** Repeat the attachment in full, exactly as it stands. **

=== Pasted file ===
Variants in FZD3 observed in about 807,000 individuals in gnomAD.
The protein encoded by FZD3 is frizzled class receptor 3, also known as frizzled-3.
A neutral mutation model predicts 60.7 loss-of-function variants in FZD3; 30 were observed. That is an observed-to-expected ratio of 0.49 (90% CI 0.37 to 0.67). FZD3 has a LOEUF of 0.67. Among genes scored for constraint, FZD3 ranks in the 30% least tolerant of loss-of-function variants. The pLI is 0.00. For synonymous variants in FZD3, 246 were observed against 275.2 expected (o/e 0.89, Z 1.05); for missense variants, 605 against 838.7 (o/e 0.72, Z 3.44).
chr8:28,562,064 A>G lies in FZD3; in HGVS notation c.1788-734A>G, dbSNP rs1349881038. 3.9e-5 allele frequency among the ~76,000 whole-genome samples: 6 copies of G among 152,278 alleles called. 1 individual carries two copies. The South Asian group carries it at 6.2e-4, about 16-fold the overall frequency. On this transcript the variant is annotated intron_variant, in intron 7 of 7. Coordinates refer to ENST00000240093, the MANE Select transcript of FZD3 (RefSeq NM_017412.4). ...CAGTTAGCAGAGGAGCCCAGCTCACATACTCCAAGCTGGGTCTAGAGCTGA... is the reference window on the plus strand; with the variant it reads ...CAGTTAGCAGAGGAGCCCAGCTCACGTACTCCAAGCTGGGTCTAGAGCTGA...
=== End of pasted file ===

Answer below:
Variants in FZD3 observed in about 807,000 individuals in gnomAD.
The protein encoded by FZD3 is frizzled class receptor 3, also known as frizzled-3.
A neutral mutation model predicts 60.7 loss-of-function variants in FZD3; 30 were observed. That is an observed-to-expected ratio of 0.49 (90% CI 0.37 to 0.67). FZD3 has a LOEUF of 0.67. Among genes scored for constraint, FZD3 ranks in the 30% least tolerant of loss-of-function variants. The pLI is 0.00. For synonymous variants in FZD3, 246 were observed against 275.2 expected (o/e 0.89, Z 1.05); for missense variants, 605 against 838.7 (o/e 0.72, Z 3.44).
chr8:28,562,064 A>G lies in FZD3; in HGVS notation c.1788-734A>G, dbSNP rs1349881038. 3.9e-5 allele frequency among the ~76,000 whole-genome samples: 6 copies of G among 152,278 alleles called. 1 individual carries two copies. The South Asian group carries it at 6.2e-4, about 16-fold the overall frequency. On this transcript the variant is annotated intron_variant, in intron 7 of 7. Coordinates refer to ENST00000240093, the MANE Select transcript of FZD3 (RefSeq NM_017412.4). ...CAGTTAGCAGAGGAGCCCAGCTCACATACTCCAAGCTGGGTCTAGAGCTGA... is the reference window on the plus strand; with the variant it reads ...CAGTTAGCAGAGGAGCCCAGCTCACGTACTCCAAGCTGGGTCTAGAGCTGA...